OPPOSITION MDC leader Nelson Chamisa, Saturday took pot-shots at returning party rebels, vice president Welshman Ncube and deputy national chairperson Tendai Biti ahead of the party’s congress later this month.
Both Ncube and Biti are former secretary generals, who broke ranks with Tsvangirai in 2005 and 2014 respectively, before they were brought back into the party in the build up to the 2018 elections. While Chamisa seems to have accepted Ncube and Biti who have both been nominated for the position of vice president, insiders claim relations between these remain as frosty as ever in boardrooms.
“Biti and Chamisa in particular rarely see eye to eye. There problems date back to the 2014 break-up. Biti suggests he was sold out by Chamisa who had initially agreed with him to revolt against Tsvangirai.
“It’s a sticky situation because they need each other. As for Ncube he is a very unpopular person within the MDC because of the things he said about Tsvangirai after their break-up in 2005. Very few have forgiven him and it would be a miracle if he wins on his own at congress. He needs Chamisa and has had to grovel for acceptance,” new zimbabwe.com heard.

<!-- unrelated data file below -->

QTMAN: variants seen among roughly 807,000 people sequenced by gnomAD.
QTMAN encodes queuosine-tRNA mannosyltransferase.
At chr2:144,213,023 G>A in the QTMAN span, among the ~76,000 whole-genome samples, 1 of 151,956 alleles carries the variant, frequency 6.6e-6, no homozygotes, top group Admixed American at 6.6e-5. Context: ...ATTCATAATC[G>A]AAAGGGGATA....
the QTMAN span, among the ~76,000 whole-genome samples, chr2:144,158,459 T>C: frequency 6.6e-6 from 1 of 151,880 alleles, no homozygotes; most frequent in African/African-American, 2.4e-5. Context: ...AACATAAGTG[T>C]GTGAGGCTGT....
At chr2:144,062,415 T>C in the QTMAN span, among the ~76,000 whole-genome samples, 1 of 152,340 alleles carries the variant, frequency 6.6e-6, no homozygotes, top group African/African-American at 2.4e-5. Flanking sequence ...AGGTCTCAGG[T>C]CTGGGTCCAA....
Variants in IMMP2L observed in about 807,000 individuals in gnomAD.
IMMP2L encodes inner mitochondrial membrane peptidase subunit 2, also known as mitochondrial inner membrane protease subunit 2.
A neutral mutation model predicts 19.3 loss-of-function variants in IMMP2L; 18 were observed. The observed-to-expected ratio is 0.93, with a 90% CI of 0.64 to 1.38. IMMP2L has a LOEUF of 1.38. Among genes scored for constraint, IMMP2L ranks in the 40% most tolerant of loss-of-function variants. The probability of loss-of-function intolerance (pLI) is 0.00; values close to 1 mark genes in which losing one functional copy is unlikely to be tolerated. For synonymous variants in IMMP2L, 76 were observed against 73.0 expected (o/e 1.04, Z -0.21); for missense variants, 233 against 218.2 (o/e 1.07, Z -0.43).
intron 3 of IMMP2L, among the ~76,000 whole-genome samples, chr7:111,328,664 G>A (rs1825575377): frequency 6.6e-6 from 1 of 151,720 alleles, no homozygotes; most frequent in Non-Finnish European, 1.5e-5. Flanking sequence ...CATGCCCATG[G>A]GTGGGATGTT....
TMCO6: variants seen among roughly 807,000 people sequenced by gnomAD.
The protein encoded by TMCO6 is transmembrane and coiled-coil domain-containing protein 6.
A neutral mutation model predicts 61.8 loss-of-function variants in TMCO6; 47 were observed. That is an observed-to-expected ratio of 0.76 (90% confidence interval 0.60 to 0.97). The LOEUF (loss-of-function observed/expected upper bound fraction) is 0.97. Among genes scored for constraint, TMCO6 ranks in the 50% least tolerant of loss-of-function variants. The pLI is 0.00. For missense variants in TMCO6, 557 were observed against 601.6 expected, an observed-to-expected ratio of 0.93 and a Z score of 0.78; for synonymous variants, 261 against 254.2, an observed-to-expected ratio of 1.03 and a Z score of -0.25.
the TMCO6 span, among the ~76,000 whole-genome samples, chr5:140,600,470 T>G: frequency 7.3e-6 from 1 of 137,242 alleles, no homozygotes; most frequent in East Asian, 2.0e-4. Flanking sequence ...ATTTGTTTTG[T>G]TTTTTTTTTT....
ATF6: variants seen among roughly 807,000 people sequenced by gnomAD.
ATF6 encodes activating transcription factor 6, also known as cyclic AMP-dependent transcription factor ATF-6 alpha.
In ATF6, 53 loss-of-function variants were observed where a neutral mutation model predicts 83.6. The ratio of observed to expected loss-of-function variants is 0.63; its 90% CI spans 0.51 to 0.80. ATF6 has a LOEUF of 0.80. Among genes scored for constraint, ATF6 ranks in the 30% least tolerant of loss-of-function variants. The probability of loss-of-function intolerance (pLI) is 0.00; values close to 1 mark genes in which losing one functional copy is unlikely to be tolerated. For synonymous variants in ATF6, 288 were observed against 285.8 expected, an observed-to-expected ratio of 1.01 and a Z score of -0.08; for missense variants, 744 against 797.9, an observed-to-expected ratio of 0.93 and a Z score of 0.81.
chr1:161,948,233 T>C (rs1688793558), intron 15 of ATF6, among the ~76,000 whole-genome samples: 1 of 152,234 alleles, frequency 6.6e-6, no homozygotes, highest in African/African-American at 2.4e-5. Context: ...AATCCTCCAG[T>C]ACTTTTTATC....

As if to confirm this, Chamisa took advantage of his address at Tsvangirai’s memorial Saturday, to remind the party’s faithful that he has been one of the only consistent founding leaders of the MDC.
“Tsvangirai took me like his son and I competed with Edwin to be regarded by him as first born. His children know this.
“One thing he constantly told me was that he saw me not as a leader but in the same manner he did his son Edwin. He argued he had one thing he expected of me and that was obedience,” said Chamisa.
And in a thinly veiled attack on Biti and Ncube, Chamisa added: “That is why you see I never wavered. I never went to the left or to the right. I never looked back as others did. I was always behind Tsvangirai to the very end.”
Ncube broke away in 2005 after disagreements over participation in senatorial elections, while Biti parted company with Tsvangirai following the humiliating electoral defeat to Zanu PF in the 2013 general elections.
The youthful Chamisa, reminded Biti and Ncube that they had been allowed back into the party at Tsvangirai’s benevolence adding their parties formed in the aftermath of boardroom squabbles failed to stand the test of time.
“This party was build on the power of workers. It is different from other parties because it was formed by the people and not individuals. It was not formed in a boardroom.
“Tsvangirai has a history of ideas. He did not hold grudges and was forgiving. You know it with Biti and Ncube. Before elections he brought them back so we could move together. Lest learn to forgive,” he said.
Chamisa’s reference to Biti and Ncube’s history was probably a timely reminder to the two to “behave” or he would kick them out even if they are to win at congress. It may also have been a clear attempt to remind his audience that he is now firmly in charge and has the people’s backing after getting 13 nominations from all provinces, in the process that will culminate with the first elective congress since Tsvangirai died last year.